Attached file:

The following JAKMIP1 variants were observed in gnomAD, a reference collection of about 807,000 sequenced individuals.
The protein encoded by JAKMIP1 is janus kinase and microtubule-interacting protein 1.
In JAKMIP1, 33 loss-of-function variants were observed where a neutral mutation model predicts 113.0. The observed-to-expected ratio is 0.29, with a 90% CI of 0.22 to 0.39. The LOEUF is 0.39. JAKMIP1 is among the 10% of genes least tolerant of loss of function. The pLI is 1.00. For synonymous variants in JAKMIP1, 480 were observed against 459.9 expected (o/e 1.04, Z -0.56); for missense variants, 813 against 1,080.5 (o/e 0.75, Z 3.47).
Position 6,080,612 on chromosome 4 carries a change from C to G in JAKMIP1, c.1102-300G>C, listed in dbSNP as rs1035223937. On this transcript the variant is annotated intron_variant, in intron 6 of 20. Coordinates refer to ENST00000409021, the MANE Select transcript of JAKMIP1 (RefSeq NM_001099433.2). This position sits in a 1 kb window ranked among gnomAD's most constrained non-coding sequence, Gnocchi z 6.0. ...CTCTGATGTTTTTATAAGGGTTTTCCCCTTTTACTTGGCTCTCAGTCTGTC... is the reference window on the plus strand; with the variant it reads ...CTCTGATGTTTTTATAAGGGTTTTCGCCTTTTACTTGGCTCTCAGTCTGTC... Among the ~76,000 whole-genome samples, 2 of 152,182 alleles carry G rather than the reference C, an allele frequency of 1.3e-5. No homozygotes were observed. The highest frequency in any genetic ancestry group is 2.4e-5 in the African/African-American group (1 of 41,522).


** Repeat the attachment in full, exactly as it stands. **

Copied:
The following JAKMIP1 variants were observed in gnomAD, a reference collection of about 807,000 sequenced individuals.
The protein encoded by JAKMIP1 is janus kinase and microtubule-interacting protein 1.
In JAKMIP1, 33 loss-of-function variants were observed where a neutral mutation model predicts 113.0. The observed-to-expected ratio is 0.29, with a 90% CI of 0.22 to 0.39. The LOEUF is 0.39. JAKMIP1 is among the 10% of genes least tolerant of loss of function. The pLI is 1.00. For synonymous variants in JAKMIP1, 480 were observed against 459.9 expected (o/e 1.04, Z -0.56); for missense variants, 813 against 1,080.5 (o/e 0.75, Z 3.47).
Position 6,080,612 on chromosome 4 carries a change from C to G in JAKMIP1, c.1102-300G>C, listed in dbSNP as rs1035223937. On this transcript the variant is annotated intron_variant, in intron 6 of 20. Coordinates refer to ENST00000409021, the MANE Select transcript of JAKMIP1 (RefSeq NM_001099433.2). This position sits in a 1 kb window ranked among gnomAD's most constrained non-coding sequence, Gnocchi z 6.0. ...CTCTGATGTTTTTATAAGGGTTTTCCCCTTTTACTTGGCTCTCAGTCTGTC... is the reference window on the plus strand; with the variant it reads ...CTCTGATGTTTTTATAAGGGTTTTCGCCTTTTACTTGGCTCTCAGTCTGTC... Among the ~76,000 whole-genome samples, 2 of 152,182 alleles carry G rather than the reference C, an allele frequency of 1.3e-5. No homozygotes were observed. The highest frequency in any genetic ancestry group is 2.4e-5 in the African/African-American group (1 of 41,522).